How is it that the commons gets a vote on this and not on critical planks of economic policy that will drag us down for decades to come – such as bank nationalisation and key issues over spending? It appears more thought has gone into moral issues regarding a few thousand gurkhas (whose claims are totally justified in my view) than for the same moral and economic issues that affect the total population not just now, but for decades to come. This vote represents victory for the gurkhas but equally a failure of the system to bring about justice for the British population as a whole. Not that justice for the population has ever been a concern for this government – they spend their time and our money destroying the fabric of our society and then spend more of our money to tell us things are under control – which is a gross perversion of fact. Not that a vote on such substantive and critical issues would have changed the course of events in anyway – but it would at least allow the public some accountability in knowing which MPs supported a lunatic policy and which didnt. Clearly its in the public interest to know such things…sadly its not in the interest of government. These things will need to change for democracy to be worth pursuing as a form of organising our society.

    Reply: We do get votes on the dreadful financial position – it is just that Labour MPs unite to win those.

  18. Brigham
    April 30, 2009

    When I first subscribed to your blog, I referred to our PM as “the (pejorative adjective questioning his judgement!) Brown” which you “moderated” out. I think I have been proved right by him many, many, times!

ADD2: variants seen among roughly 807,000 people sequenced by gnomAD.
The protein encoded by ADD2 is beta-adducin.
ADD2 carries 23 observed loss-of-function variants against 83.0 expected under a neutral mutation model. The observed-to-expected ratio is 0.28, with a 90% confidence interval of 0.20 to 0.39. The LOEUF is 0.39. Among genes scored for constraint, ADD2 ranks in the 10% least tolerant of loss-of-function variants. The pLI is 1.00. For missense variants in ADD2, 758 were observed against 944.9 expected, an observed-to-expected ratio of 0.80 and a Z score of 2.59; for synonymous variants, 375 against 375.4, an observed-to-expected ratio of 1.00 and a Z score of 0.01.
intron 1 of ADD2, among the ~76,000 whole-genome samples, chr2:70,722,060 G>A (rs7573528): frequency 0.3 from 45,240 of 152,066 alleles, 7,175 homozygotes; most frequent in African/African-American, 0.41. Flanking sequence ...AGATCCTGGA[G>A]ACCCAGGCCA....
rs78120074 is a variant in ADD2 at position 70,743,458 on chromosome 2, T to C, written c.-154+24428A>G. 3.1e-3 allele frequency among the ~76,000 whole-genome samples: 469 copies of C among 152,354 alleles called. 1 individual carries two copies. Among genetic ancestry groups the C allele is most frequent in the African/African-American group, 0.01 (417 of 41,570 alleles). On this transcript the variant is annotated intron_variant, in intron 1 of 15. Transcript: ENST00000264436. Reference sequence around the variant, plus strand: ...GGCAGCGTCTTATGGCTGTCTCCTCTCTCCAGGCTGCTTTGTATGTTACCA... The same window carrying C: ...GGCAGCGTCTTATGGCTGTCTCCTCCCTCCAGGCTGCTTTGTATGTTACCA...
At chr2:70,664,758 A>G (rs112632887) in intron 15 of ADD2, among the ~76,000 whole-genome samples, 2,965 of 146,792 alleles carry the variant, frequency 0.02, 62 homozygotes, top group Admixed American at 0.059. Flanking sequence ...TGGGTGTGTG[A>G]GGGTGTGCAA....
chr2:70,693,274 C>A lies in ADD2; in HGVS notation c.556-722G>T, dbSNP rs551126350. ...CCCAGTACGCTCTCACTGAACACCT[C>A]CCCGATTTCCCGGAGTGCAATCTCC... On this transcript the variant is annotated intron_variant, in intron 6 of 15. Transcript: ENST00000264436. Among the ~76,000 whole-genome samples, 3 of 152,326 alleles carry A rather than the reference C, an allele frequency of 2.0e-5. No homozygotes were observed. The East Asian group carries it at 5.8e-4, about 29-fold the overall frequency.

19. Henry North London
    April 30, 2009

    Over 32000 people have already signed on his own website for him to resign Sounds like a pretty good mandate already for him to have a vote of no confidence.

  20. RayD
    April 30, 2009

    I don’t believe “the British people voted for 356 Labour MPs”. Returned, yes, but actually voted for would be more like 35.3% x 646 = 228 MPs.

    Labour has a staggering 128 more MPs than they have voters. When can we get rid of this damned third world First Past The Post system and get some democracy?

  21. Adrian Peirson
    April 30, 2009

    Any chance we could have electronic voting so we can have a say in matters.
    I’ve written to 4 Mp’s over the years, each time they have sent my letter to be answered by the specific dept in question, whether it was family or medecine.
    One one occaision I wrote to my female MP thinking that she may be interested in knowing details of the deaths caused by synthetic estrogens rather than being given Bioidentical Human Hormone which can be easily synthesised.
    Nope, I got a letter from the Dept of Health telling me how thoroughly all drugs are tested.

    Oh well I tried, Nothing gets in the way of Big Govt and Big Pharma Profits.

    1. Adrian Peirson
      April 30, 2009

      Forgot, the reason for my post was that I was hoping to bring something to the attention of and maybe discuss things with my local MP but all I get in return is Govt Policy on the matter(s)

  22. Olly Garchy
    April 30, 2009

    Rik – 6.34

    How they voted is listed here

    If you also follow the “every eligible MP” link you can also see the ones who abstained.

  23. Dr Nick Ashley
    April 30, 2009

    I firmly believe that there is a soft spot in the hearts of most British people for the Gurkhas. They serve with distiction and are renowned for their bravery. This is evident from the VCs and other gallantry medals won by them. Having faced death on behalf of HMG, they get a reduced pension and not much else. Being given the right to reside here after military service and in their declining years is the decent thing to do and a fair reward for these brave soldiers. I admire those Labour MPs who voted for the decent thing against their party. At last a bit of spine showing.

  24. andy dan
    April 30, 2009

    Gurkha = potential Tory voter, therefore let as few as possible in is the government’s reasoning I suspect